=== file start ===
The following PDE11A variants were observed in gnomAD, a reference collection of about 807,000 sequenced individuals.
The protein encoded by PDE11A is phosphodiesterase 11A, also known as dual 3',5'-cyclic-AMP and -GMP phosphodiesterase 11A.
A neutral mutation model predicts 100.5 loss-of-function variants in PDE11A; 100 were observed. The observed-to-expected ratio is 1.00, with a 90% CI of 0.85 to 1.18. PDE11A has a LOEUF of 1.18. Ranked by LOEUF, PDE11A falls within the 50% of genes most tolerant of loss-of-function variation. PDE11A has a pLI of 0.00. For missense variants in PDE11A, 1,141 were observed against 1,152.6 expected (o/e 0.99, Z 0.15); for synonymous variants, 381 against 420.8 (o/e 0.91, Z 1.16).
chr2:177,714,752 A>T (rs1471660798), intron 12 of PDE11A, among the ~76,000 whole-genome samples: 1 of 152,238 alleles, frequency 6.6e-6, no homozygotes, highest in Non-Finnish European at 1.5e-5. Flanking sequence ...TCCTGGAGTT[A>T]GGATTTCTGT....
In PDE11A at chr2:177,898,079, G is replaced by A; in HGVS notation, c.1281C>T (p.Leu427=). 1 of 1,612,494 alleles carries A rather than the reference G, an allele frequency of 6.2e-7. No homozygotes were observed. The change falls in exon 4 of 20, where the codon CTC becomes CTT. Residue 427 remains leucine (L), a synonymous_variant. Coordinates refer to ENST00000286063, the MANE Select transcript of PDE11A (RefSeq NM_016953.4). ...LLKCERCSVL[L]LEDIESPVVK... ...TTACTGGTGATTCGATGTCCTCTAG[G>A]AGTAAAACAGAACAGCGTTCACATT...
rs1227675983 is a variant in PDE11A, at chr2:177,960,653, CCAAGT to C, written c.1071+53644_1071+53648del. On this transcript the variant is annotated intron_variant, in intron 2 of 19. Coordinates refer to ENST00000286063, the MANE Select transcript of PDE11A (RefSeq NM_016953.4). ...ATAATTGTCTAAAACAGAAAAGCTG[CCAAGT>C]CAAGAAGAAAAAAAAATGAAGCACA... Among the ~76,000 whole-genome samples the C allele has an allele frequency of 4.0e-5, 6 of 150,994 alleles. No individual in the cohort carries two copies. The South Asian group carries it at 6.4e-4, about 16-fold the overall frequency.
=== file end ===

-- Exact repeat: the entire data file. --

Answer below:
The following PDE11A variants were observed in gnomAD, a reference collection of about 807,000 sequenced individuals.
The protein encoded by PDE11A is phosphodiesterase 11A, also known as dual 3',5'-cyclic-AMP and -GMP phosphodiesterase 11A.
A neutral mutation model predicts 100.5 loss-of-function variants in PDE11A; 100 were observed. The observed-to-expected ratio is 1.00, with a 90% CI of 0.85 to 1.18. PDE11A has a LOEUF of 1.18. Ranked by LOEUF, PDE11A falls within the 50% of genes most tolerant of loss-of-function variation. PDE11A has a pLI of 0.00. For missense variants in PDE11A, 1,141 were observed against 1,152.6 expected (o/e 0.99, Z 0.15); for synonymous variants, 381 against 420.8 (o/e 0.91, Z 1.16).
chr2:177,714,752 A>T (rs1471660798), intron 12 of PDE11A, among the ~76,000 whole-genome samples: 1 of 152,238 alleles, frequency 6.6e-6, no homozygotes, highest in Non-Finnish European at 1.5e-5. Flanking sequence ...TCCTGGAGTT[A>T]GGATTTCTGT....
In PDE11A at chr2:177,898,079, G is replaced by A; in HGVS notation, c.1281C>T (p.Leu427=). 1 of 1,612,494 alleles carries A rather than the reference G, an allele frequency of 6.2e-7. No homozygotes were observed. The change falls in exon 4 of 20, where the codon CTC becomes CTT. Residue 427 remains leucine (L), a synonymous_variant. Coordinates refer to ENST00000286063, the MANE Select transcript of PDE11A (RefSeq NM_016953.4). ...LLKCERCSVL[L]LEDIESPVVK... ...TTACTGGTGATTCGATGTCCTCTAG[G>A]AGTAAAACAGAACAGCGTTCACATT...
rs1227675983 is a variant in PDE11A, at chr2:177,960,653, CCAAGT to C, written c.1071+53644_1071+53648del. On this transcript the variant is annotated intron_variant, in intron 2 of 19. Coordinates refer to ENST00000286063, the MANE Select transcript of PDE11A (RefSeq NM_016953.4). ...ATAATTGTCTAAAACAGAAAAGCTG[CCAAGT>C]CAAGAAGAAAAAAAAATGAAGCACA... Among the ~76,000 whole-genome samples the C allele has an allele frequency of 4.0e-5, 6 of 150,994 alleles. No individual in the cohort carries two copies. The South Asian group carries it at 6.4e-4, about 16-fold the overall frequency.